Luis Alberto Urrea: Ghosts in the Land of Plenty

Rachel Riederer: The Teaching Class

Ann Neumann: How the Other Half Dies

Jessica Pishko: The Price of Freedom

Lauren Quinn: Which Side Are You On, Girl?

Interviews:

Servings of Small Change: Meara Sharma interviews Jane Black and Brent Cunningham

Going Through Customs: Hillary Brenhouse interviews Cristina Ibarra

Talking Clean and Acting Dirty: Katherine Rowland interviews Robert Bullard

Art:

Alex Zafiris: Sight Lines

Fiction:

Tracy O’Neill: Who Can Shave Thirteen Times a Day

Tracey Rose Peyton: More Than This

Poetry:

Abigail Carl-Klassen: Temporary People

Tommy Pico: Thems

Via Guernica. Read this Special Issue HERE

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A Visual History of Satellites: The ‘extended urbanization’ of space.

May 23, 2014

Right now, there about 1,100 satellites whizzing above our heads performing various functions like observation, communication, and spying. There are roughly another 2,600 doing nothing, as they died or were turned off a long time ago.

How did each of these satellites get up there? And what nations are responsible for sending up the bulk of them?

The answers come in the form of this bewitching visualization of satellite launches from 1957 – the year Russia debuted Sputnik 1 – to the present day. (The animation starts at 2:10; be sure to watch in HD.) Launch sites pop up as yellow circles as the years roll by, sending rockets, represented as individual lines, flying into space with one or more satellites aboard.

Read Full article at CityLab

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ARPA: Applied Research Practices in Architecture Journal

May 23, 2014

Architects experiment upon the world. Researchers extend outside the laboratory by co-opting existing structures of influence and crafting new techniques of engagement. Even the effects of proving grounds–from Coney Island to emergency drills–leak beyond their boundaries without any official sanction. Impacts are often unpredictable, but no less powerful. The practice of human subject research has yielded the benefits of the polio vaccine and the horrors of the Tuskegee Syphilis Study, reminding us that, as a former director of the Defense Advanced Research Projects Agency once remarked, “When we fail, we fail big.”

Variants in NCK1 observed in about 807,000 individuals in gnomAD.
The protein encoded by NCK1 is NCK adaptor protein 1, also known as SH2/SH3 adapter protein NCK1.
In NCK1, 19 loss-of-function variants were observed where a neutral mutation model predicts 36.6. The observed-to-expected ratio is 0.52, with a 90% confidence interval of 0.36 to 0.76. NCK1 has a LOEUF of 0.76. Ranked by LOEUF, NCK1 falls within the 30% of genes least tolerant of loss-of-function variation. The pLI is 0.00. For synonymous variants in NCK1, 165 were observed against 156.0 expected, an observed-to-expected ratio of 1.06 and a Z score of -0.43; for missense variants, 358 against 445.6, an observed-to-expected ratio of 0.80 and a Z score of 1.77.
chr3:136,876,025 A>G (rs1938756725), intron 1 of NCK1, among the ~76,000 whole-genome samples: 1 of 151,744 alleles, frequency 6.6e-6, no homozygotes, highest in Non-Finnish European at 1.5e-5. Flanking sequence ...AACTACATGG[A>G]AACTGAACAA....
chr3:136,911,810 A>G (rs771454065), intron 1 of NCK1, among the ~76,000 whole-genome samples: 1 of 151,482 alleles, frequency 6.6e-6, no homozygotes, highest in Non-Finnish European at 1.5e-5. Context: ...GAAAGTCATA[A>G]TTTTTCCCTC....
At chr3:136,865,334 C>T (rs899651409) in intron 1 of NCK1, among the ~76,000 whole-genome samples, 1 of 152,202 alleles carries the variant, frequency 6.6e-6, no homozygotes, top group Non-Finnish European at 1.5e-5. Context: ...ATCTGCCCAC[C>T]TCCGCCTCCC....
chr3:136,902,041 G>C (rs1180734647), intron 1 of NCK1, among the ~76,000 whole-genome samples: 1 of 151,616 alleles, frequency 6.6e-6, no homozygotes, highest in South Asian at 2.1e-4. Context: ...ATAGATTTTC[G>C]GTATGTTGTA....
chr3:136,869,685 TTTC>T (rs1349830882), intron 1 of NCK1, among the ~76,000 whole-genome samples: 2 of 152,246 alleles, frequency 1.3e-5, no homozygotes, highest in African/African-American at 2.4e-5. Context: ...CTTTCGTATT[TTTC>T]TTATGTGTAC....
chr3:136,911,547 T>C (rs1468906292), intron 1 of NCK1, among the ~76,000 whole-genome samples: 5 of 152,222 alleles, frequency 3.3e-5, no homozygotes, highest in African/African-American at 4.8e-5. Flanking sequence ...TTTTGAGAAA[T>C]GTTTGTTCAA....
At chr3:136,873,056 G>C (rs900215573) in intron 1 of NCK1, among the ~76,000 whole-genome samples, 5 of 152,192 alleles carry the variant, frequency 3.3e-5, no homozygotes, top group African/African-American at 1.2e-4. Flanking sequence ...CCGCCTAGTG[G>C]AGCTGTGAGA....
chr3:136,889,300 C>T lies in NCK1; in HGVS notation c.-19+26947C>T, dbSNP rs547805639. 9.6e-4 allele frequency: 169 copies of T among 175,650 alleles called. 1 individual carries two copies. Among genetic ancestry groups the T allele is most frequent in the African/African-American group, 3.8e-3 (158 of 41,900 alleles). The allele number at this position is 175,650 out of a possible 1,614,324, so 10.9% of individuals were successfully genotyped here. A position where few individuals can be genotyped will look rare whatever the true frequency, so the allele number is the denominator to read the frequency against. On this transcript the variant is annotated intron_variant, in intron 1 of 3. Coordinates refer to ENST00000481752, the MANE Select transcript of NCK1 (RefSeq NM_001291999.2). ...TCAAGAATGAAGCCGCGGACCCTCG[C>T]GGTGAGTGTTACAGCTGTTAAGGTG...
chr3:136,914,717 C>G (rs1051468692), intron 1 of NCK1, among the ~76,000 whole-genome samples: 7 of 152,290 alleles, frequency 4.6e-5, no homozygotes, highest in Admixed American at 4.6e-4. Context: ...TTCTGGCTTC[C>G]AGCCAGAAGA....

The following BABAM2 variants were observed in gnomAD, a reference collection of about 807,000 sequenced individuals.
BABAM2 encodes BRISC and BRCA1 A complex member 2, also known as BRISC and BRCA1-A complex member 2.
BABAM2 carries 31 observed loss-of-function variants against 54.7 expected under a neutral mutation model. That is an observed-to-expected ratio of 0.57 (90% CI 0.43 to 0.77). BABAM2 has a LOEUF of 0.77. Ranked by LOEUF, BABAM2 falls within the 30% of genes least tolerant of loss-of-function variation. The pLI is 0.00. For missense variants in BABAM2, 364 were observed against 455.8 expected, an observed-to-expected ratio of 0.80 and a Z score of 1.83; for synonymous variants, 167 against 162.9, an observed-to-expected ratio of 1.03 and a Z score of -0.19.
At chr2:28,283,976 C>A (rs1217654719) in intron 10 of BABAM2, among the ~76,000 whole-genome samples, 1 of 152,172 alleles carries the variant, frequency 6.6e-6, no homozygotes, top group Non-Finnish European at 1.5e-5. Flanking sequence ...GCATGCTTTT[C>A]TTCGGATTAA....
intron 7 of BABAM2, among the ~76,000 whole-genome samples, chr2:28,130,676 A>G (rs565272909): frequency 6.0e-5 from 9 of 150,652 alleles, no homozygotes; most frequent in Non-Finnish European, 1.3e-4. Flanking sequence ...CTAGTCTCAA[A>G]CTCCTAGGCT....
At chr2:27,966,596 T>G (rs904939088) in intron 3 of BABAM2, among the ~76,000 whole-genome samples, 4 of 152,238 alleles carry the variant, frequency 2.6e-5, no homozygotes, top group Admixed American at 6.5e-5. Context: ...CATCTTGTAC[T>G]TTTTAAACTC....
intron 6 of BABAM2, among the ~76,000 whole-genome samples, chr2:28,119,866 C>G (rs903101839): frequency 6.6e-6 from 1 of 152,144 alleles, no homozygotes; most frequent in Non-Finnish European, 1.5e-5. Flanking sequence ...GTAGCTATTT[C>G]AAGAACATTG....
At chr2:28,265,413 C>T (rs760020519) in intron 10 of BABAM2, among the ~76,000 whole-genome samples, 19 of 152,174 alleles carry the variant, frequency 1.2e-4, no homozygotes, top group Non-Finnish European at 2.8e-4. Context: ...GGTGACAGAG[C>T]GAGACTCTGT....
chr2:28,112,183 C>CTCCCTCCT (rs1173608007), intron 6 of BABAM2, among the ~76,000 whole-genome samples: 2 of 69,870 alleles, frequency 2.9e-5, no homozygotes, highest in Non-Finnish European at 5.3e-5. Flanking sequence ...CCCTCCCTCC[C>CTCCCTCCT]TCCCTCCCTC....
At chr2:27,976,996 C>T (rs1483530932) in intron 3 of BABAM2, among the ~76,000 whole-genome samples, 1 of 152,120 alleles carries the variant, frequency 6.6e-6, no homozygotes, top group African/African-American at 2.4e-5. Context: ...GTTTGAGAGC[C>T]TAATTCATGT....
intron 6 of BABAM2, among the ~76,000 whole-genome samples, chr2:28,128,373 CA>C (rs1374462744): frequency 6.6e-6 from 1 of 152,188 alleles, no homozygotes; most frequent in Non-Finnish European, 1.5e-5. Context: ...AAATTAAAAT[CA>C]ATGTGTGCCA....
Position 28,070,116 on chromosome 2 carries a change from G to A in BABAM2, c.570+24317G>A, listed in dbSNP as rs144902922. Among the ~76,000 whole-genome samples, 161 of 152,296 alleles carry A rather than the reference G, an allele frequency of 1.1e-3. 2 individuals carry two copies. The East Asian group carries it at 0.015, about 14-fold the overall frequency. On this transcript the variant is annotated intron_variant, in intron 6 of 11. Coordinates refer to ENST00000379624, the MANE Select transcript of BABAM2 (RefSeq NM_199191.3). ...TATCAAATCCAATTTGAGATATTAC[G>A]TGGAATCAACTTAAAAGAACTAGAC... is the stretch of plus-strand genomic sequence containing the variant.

‘Test Subjects’ focuses on the contended nature of application in architectural research. How do architects wield influence through research? As we weigh the risks and rewards of aggressive experimentation, how careful do we need to be? How do researchers maintain effects of their work, both intended and unintended? How does the agency of test subjects refigure the role of the expert in research?

ARPA

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University of the People – where students get free degrees

May 14, 2014

Ali Patrik Eid is a happy man right now. A few weeks ago he graduated from a university that he didn’t pay a penny for. He didn’t even have to show up for lectures.

And when his wife gave birth to twins shortly after he started his course in business management, it was no problem for him to take six months off to help take care of them.

He was attending the University of the People (UoPeople), one of a growing number of online universities which are opening new doors to people, particularly in the developing world.

“I have always dreamt about having a degree but I didn’t think I ever would,” the 34-year-old Jordanian told the BBC.

Online learning courses are not new – the University of Phoenix, for example, has been offering 100% online learning since 1987 – but the UoPeople is the first tuition-free online college that grants degrees.